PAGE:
Are you SURE 'this' goes with 'that'?
When it comes to home decorating, the golden rule is to understand which colours are complementary, which give you the greatest contrast and which just simply clash!
Colour harmony occurs when an assortment of hues work together to engage the viewer. Steer clear of a bland and under-stimulating colour palette, and at the other end of the spectrum, be sure to avoid a chaotic mess of clashing colours.
When we follow this colour logic, we are able to create a balanced space that presents visual interest and a sense of order. The 12-part colour wheel should be the first port of call when choosing a colour scheme for your space. The wheel is made up of primary colours (red, blue and yellow), secondary colours (green, purple and orange) and tertiary colours (yellow-orange, yellow-green, blue-green, blue-purple, red-purple and red-orange). It's an easy reference point to gauge if the colours you're planning to use will work well together.
Still a little confused? We've broken down the basic equations for seamless colour coordination:
Warm vs. Cool Colours
The colour wheel circle can be divided into two equal halves: one of warm colours and one of cool colours. Warm colours are vivid and energetic and include reds, oranges and yellows. Cool colours have a soothing effect and include purple, blue and green. When used effectively, the right combination of warm and cool colours can unite and balance a room.
Complementary Colours: If you're looking for a high-impact colour combination, you can't go past the dynamic duo of opposing colours. Complementary colours (also referred to as opposite colours) are any two hues that face each other on the 12-part colour wheel. Take the common combination of yellow and purple for example; when used together, these colours offer a high contrast because they reflect light in a completely different way and increase the others' vibrancy. The combination of warm and cool colourings from opposite sides of the circle also give a feeling of balance; but beware - they can often feel too jarring when used at full saturation.
Analogous Colours: If your looking for something subtle, yet stylish, this will more than likely appeal to you. Analoguous colours are any three hues that sit side-by-side on a 12-part colour wheel. Because they share a common base colour, they match well together and offer a smooth transition of tones. Analogous colour schemes are often found in the greenery or plants or earthy tones of nature. The subtle variation of shades is pleasing to the eye and creates a serene and comfortable mood in the room. Make sure you have enough contrast when choosing an analogous colour scheme for your home - select one colour as a dominant hue, a second to support and the third as an accent.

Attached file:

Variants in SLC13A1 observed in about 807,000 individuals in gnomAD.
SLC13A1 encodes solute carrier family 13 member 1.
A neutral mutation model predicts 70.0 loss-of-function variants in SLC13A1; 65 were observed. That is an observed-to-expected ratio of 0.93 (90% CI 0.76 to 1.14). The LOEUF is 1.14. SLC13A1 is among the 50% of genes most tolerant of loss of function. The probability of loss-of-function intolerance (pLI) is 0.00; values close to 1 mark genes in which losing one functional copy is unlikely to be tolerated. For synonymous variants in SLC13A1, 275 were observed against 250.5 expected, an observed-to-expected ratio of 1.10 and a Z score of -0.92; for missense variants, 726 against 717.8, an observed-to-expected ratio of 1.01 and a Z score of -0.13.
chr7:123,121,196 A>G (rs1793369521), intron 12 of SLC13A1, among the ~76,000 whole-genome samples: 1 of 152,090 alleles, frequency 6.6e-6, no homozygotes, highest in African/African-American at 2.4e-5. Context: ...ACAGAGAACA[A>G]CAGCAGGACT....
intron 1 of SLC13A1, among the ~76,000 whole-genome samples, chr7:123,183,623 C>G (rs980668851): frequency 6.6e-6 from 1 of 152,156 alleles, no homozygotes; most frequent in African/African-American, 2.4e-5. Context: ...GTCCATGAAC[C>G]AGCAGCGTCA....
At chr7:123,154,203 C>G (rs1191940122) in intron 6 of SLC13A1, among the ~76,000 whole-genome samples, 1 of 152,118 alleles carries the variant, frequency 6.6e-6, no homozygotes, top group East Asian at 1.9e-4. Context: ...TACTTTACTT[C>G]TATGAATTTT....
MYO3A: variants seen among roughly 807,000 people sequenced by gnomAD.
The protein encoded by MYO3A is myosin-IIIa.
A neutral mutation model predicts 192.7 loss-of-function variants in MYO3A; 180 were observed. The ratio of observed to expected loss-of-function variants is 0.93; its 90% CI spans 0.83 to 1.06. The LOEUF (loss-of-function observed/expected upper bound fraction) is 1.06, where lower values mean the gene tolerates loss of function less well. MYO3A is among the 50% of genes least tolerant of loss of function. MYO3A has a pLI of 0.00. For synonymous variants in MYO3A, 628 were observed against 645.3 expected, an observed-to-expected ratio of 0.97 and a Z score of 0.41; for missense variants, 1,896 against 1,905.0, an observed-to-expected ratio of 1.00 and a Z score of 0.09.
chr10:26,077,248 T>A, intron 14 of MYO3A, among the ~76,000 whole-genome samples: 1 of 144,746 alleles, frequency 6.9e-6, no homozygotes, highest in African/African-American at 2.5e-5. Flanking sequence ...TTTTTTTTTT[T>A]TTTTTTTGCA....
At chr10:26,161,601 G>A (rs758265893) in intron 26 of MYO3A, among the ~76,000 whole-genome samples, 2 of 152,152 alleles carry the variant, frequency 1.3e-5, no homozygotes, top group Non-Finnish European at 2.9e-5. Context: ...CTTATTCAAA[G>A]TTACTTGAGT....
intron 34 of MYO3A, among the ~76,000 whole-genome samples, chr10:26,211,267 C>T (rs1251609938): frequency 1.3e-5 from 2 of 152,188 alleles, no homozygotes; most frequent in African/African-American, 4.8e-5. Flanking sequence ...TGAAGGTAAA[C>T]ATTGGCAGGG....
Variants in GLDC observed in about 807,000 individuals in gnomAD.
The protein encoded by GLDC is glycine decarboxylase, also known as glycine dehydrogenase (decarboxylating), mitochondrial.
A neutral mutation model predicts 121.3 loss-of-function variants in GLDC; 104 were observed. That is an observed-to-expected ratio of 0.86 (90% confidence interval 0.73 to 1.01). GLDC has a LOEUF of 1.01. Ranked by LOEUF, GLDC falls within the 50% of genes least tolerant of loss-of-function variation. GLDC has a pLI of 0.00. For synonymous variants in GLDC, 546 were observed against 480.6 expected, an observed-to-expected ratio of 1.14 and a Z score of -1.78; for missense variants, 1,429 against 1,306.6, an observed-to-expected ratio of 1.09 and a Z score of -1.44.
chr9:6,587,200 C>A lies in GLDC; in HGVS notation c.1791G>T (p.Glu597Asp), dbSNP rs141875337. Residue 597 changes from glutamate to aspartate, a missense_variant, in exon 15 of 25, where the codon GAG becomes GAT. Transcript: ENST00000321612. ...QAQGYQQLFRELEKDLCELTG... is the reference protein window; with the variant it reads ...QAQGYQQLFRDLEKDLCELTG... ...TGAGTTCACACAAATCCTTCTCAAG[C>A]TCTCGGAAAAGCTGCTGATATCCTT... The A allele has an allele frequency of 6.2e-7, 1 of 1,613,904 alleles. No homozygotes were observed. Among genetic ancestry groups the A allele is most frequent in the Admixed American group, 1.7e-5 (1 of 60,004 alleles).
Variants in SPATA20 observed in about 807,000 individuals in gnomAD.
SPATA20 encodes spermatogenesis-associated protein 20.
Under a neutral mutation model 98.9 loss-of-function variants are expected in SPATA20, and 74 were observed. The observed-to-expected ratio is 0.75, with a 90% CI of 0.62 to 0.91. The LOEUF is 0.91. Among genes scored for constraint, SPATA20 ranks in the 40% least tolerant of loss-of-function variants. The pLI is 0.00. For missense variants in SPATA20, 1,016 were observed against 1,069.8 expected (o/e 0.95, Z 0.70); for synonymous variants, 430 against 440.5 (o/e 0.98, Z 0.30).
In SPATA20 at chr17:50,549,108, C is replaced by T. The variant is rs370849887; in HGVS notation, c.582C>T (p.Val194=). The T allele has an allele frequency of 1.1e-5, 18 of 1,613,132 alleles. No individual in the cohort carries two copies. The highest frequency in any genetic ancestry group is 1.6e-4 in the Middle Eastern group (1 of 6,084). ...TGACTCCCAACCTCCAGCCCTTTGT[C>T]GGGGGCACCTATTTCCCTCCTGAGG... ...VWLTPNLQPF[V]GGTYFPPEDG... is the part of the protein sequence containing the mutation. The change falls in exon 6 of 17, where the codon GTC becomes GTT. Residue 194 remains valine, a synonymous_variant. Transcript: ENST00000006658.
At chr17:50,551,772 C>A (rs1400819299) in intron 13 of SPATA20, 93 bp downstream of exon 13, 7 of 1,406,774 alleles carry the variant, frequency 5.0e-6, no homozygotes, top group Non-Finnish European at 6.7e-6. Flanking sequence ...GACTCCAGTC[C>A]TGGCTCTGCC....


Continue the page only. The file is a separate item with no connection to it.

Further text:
Triad Colours: These are three colours that are evenly spaced around the colour wheel (count every 4th colour around the wheel or make a triangle of equal sides). Triadic colour harmonies tend to be very vibrant and, while not as contrasting as the complementary scheme, still need to be carefully balanced. Let one colour dominate and use the other two as accents. Depending on which colours you choose, each combination of triad colours will give you a drastically different result.
Split-Complementary: This is the safest combination of colours for those just starting out in home decoration. The split-complementary colour scheme uses three colours and is a variation of the complementary colour combination. In addition to the base colour, it uses the two colours to either side of the base colour's complementary colour. The split-complementary scheme has the same strong visual impact, but less tension than the two complementary colours.
Rectangle of Colours: This colour scheme brings four colours into play. The four hues are made up of two groups of complementary pairs and offer plenty of possibilities for variation. This scheme works best if you select a balanced ration of warm and cool colours and allow one colour to be the most dominant, while the others are used in smaller amounts.
Square of Colours: Similar to the rectangle, the square selects four colours evenly spaced around the colour wheel. If used together at full saturation, these colours will pack a punch and may be too bright and busy for many people. Therefore, it's best to choose one to be the dominant colour and use the rest as accents.
We hope this has inspired you to become confident when decorating with colours. Keep checking back on our website for new release quilt cover designs, decorator items and homewares to suit your colour scheme. There are new products being released every month!